The rise and normalization of Far Right parties, movements, and political ideas in different European countries is not a recent phenomenon. Beaten on the battlefields of the Second World War, marginalized from the postwar political and economic consensus of moderate welfare parties in the West of the Continent, banned altogether from the political landscape in the East, overthrown by democratic revolutions in the South, left behind by the liberal institutional project of European Union, the Far Right for many decades looked like a thing of the past, almost on the verge of extinction. The gradual transformation of postwar social consensus into neoliberalism in the West, the end of Communist Party monopoly in the East, and the rise of Euroscepticism gave new life to old nationalist ideas that filled the void left by shrinking social and socialist states and the new pan-European and global challenges.
An important cluster in academic research has focused on explaining this rise and the normalization of Far Right political forces and ideas with deep historic drivers. The most important premise, not necessarily explicit, of this school of thought is that the European Far Right is part of the national character of many European nations. To understand this malignant formation, therefore, it is necessary not only to focus on its contemporary metastases but also to dig deep and find the source and the nature of the cancer.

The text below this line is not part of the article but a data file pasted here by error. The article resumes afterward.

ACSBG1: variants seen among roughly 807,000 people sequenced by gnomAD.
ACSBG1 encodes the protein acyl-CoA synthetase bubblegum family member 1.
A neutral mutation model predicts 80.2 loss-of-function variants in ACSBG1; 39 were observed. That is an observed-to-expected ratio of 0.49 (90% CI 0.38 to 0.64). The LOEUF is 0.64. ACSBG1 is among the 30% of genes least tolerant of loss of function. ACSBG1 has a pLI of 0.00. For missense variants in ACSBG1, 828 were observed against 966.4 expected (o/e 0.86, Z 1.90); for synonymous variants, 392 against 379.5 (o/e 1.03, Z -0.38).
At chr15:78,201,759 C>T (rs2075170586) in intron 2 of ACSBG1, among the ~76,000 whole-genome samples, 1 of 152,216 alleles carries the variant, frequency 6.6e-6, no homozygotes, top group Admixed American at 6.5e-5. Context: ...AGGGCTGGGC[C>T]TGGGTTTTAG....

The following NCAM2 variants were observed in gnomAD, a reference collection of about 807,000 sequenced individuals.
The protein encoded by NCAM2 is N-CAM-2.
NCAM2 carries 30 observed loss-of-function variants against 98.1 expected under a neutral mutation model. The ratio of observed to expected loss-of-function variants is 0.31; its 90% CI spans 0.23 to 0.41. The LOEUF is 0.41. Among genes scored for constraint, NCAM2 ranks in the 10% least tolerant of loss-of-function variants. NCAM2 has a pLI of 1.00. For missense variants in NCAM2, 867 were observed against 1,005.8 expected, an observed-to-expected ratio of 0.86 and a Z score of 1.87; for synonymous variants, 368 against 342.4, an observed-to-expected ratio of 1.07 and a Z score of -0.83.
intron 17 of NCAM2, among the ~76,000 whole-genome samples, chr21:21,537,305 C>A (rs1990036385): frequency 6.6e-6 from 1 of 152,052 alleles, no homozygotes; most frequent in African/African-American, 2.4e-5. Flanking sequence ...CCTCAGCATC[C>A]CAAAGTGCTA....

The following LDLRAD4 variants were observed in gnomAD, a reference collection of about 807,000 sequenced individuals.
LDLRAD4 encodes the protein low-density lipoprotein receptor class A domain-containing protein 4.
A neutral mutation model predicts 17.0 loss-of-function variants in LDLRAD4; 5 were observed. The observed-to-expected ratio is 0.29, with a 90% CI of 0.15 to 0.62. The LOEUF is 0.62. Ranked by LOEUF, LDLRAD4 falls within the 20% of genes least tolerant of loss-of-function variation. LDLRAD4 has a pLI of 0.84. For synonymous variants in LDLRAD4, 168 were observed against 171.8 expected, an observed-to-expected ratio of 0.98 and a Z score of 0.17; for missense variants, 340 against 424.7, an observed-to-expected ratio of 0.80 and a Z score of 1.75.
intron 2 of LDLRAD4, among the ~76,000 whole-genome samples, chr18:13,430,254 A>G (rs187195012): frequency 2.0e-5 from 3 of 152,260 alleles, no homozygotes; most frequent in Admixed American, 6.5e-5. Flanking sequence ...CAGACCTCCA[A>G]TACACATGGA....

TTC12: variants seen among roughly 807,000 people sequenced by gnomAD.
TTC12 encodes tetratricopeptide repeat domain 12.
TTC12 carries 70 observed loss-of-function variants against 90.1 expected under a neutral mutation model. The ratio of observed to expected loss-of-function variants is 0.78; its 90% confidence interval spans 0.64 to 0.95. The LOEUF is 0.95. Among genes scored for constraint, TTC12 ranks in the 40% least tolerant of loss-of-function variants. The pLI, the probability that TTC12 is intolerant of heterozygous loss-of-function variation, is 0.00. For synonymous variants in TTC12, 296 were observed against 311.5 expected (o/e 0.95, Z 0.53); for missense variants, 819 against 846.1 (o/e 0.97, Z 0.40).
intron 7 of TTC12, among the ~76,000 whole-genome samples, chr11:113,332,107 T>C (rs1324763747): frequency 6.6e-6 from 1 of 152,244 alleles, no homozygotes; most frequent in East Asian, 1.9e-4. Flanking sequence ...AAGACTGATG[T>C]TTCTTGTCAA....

For this reason Peter Davies in The Extreme Right in France, 1789 to the Present and Gabriel Goodliffe in The Resurgence of the Radical Right in France take a long journey to post-revolutionary France. Although their historic approach looks similar, these authors identify different drivers in history that account for the Far Right phenomenon: Davies focuses on the interrupted intellectual tradition of rejection of the French revolution and republicanism; Goodliffe singles out the class structure and the creation of social losers of modernization.
France may arguably have the longest Far Right tradition in Europe, but other countries usually come to mind as representing the Far Right in power with all its atrocities. Within the vast literature on this topic, Lee McGowan in The Radical Right in Germany and Mark Robson in Italy: The Rise of Fascism 1896–1946 follow a similar approach, focusing not only on the personal regimes of Hitler and Mussolini, but also on the large historic context, including both social forces and ideas, that made these regimes possible and that makes Far Right possible even after the end of Second World War.
No European country is immune to Far Right politics. Even the paradigmatic case of liberalism, Britain, does not escape from the general trend. Using critical discourse analysis, John Richardson in British Fascism presents the rise and development of Far Right ideology as communication with mainstream politics that constantly provide Right extremists with social issues that nourish it. Finally, part of academic studies are moving away from the biggest European countries and focusing their attention on smaller states. The edited volume The “New Man” in Radical Right Ideology and Practice, 1919–1945 has special chapters dealing with Romania, Portugal and Croatia.